This article accounts for the British experiment with rail privatisation and how it has worked out economically and politically. The focus is not simply on profitability and public subsidy, but on the appearances which accounting arrangements create. The article scrutinises the Network Rail subsidy regime, which enables train operators to achieve fictitious profitability without increased direct state support. This enables supporters of privatisation to claim train operators produce a net gain for the British taxpayer. The claim forms the heart of a trade narrative which is employed by the industry and their political backers to deflect criticism and stymy reform.

            • Ed1 4.2.1.3.1.3

              Railways was of course not a PPP – it was a government organisation. I suspect that the featherbedding has been overstated – certainly there were some fficienciess that were overdue, but many changes were only possible through changes in the external environment – possible more widely available and reliable telephone communications for example.

              As given in Draco’s post above PPPs cost more and deliver less – and experience since 2009 when one of those was written has only emphasised that. Some PPPs are “dressed up” with lower visible costs but with the expense of long terms “maintenance” contracts that delibver ongoing p[rofits to the private company.

              I was disappointed to hear that the current governmetj are using a PPP to build the new prison – the reason is however given in the 15 June Stuff article:
              “During Question Time on Thursday, Associate Finance Minister David Clark said: “there is clear evidence around the Government’s prior experimentation with PPPs that they did not work. There are a number of perverse outcomes, and this Government has steered clear thus far of any such foolishness.”

              When challenged on the Government’s decision to use a PPP for Waikeria, he said the decision was made because corrections – under the previous government – had already signed a $34 million PPP contract.”

              If a PPP appears to make the government accounts look better, you can be fairly certain that the fault lies with the accounting system.

          • saveNZ 4.2.1.3.2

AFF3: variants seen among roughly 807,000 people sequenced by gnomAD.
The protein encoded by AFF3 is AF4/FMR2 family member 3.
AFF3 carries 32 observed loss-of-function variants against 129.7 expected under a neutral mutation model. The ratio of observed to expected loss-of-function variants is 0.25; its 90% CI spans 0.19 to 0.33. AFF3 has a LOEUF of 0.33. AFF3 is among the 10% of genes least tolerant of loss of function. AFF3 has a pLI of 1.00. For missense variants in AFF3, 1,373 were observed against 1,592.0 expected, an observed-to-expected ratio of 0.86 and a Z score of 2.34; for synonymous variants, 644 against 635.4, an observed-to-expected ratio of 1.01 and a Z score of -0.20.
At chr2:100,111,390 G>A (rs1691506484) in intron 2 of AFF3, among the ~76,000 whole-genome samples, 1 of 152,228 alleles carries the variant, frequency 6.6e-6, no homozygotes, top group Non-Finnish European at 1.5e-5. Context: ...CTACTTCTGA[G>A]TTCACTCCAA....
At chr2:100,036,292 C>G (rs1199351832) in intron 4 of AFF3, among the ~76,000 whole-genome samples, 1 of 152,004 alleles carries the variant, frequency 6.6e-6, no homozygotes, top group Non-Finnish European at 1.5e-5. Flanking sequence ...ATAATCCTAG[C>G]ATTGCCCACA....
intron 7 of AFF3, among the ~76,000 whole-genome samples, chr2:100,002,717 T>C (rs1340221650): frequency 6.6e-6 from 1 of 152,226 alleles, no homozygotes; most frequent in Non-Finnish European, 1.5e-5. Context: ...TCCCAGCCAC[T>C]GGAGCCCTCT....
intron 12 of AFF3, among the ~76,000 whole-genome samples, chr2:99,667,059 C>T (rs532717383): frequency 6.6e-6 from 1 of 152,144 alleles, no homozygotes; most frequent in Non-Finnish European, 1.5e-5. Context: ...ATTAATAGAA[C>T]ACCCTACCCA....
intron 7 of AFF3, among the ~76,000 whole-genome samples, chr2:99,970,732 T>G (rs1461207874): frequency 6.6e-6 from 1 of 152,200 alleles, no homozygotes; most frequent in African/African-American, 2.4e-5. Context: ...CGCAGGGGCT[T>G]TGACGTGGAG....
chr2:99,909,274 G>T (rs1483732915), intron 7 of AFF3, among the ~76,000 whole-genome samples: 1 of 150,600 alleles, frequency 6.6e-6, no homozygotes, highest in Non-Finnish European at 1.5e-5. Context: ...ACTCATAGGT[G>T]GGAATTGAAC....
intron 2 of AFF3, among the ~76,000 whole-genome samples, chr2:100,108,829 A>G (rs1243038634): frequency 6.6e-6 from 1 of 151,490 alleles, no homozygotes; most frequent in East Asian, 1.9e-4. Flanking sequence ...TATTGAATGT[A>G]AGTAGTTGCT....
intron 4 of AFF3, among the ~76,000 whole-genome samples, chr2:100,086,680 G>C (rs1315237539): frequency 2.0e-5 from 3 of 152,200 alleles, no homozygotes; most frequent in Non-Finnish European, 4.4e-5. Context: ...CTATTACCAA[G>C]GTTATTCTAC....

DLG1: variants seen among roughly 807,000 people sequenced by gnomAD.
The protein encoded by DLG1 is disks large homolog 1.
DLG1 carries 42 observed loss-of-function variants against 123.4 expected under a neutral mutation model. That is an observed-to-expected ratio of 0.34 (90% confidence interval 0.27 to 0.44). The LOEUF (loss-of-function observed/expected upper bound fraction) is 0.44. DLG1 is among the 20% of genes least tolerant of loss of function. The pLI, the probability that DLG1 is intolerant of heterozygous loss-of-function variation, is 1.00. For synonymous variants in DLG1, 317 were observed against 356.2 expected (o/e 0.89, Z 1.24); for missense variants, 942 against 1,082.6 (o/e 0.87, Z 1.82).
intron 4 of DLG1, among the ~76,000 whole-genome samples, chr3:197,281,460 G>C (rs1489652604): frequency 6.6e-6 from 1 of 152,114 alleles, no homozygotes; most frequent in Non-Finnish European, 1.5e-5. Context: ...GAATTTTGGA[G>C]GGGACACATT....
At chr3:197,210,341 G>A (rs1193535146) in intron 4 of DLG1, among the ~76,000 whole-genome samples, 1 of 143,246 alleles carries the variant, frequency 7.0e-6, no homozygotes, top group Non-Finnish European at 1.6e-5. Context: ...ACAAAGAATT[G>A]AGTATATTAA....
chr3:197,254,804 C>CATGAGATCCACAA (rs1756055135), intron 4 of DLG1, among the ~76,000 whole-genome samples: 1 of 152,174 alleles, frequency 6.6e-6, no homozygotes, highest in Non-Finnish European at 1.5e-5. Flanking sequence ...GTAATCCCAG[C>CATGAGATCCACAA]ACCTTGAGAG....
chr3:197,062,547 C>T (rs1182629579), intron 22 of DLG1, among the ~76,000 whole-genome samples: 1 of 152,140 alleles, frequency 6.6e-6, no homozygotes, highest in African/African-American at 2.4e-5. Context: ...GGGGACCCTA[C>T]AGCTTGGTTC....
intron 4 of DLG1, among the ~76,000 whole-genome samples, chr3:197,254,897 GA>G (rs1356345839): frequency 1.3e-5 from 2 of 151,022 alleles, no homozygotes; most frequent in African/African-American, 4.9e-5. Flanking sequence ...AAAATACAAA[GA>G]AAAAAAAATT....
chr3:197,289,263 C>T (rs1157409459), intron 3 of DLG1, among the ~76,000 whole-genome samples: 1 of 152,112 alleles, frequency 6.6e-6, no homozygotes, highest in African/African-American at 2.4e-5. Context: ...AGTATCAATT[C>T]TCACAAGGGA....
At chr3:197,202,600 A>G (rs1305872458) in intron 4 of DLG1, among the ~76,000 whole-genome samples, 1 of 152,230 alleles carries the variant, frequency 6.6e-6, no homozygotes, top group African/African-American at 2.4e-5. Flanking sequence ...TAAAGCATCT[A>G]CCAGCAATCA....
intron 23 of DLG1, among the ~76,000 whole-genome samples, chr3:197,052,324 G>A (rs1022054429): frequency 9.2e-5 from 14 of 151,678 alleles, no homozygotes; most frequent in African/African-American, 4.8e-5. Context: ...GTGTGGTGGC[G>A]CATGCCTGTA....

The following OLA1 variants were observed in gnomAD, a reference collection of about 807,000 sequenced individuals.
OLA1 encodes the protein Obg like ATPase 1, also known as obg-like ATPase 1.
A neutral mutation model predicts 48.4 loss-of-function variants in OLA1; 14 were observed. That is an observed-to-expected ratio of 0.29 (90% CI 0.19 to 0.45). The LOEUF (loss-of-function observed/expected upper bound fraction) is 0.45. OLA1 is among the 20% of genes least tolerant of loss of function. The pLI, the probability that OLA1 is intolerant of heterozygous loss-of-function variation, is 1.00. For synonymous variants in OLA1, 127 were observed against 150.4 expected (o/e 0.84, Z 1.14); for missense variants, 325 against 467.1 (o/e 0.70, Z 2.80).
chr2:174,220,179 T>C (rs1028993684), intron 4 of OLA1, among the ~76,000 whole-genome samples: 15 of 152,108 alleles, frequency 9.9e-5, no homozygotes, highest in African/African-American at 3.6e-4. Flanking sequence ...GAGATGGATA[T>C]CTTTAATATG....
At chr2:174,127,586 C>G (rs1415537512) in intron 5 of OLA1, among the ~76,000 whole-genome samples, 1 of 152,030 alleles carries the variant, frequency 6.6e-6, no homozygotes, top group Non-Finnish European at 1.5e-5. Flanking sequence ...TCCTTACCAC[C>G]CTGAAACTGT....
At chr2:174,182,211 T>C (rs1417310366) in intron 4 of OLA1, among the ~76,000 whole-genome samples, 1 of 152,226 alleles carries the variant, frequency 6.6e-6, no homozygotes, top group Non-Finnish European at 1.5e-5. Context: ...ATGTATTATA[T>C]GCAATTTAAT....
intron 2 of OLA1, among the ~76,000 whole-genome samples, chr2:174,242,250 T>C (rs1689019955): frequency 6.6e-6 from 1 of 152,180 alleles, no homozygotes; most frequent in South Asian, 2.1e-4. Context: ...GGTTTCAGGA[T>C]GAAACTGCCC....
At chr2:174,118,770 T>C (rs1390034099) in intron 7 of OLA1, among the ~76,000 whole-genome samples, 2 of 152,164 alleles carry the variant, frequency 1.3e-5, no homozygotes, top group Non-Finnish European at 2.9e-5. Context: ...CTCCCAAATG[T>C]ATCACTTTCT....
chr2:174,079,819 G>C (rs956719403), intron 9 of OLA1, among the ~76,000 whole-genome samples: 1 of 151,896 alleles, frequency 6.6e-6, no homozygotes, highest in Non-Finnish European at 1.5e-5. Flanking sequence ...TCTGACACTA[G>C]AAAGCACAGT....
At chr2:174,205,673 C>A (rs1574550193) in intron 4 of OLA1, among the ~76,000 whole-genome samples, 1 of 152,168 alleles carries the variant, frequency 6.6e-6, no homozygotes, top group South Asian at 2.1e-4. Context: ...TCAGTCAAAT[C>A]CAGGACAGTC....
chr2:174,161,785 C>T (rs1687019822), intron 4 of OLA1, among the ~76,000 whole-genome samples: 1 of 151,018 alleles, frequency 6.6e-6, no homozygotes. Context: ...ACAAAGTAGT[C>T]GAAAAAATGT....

Exactly Draco, PPP’s a just an accountancy and corporate welfare web that delivers at least 30%+ higher a price than if the government does it themselves. Why would you use something that you know will cost 30% more, unless you are a Moran or on the take??????

            “UK PFI debt now stands at over £300bn for projects with an original capital cost of £55bn”

            https://www.theguardian.com/commentisfree/2017/aug/30/pfi-britain-hospital-trust-debt-burden-tax

            “Conservatively estimated, the trusts appear to be paying a risk premium of about 30% of the total construction costs, just to get the hospitals built on time and to budget, a sum that considerably exceeds the evidence about past cost overruns.”

            For roads:

            This report: https://image.guim.co.uk/sys-files/Society/documents/2004/11/24/PFI.pdf

            found that PPP “contracts are considerably more expensive than the cost of conventional procurement”, resulting in higher returns for the companies running the PPP’s compared to their industry peers.

            While hard to compare because of the opaque nature of many contracts and large amounts of subcontracting out, it looked like the actual cost of capital of the PPP’s was 11% compared to Treasure borrowing of 4.5% i.e. 6.5% higher. This is supposed to represent the cost of risk transfer but in practice there was no risk transfer so it’s money for nothing.

            “In conclusion, the road projects appear to be costing more than expected as reflected in net present costs that are higher than those identified by the Highways Agency (Haynes and Roden 1999), owing to rising traffic and contract changes. It is, however, impossible to know at this point whether or not VFM (value for money) has been or is indeed likely to be achieved because the expensive element of the service contract relates to maintenance that generally will not be required for many years.”

            Overall, for both roads and hospitals they concluded there was no risk transfer and not value for money.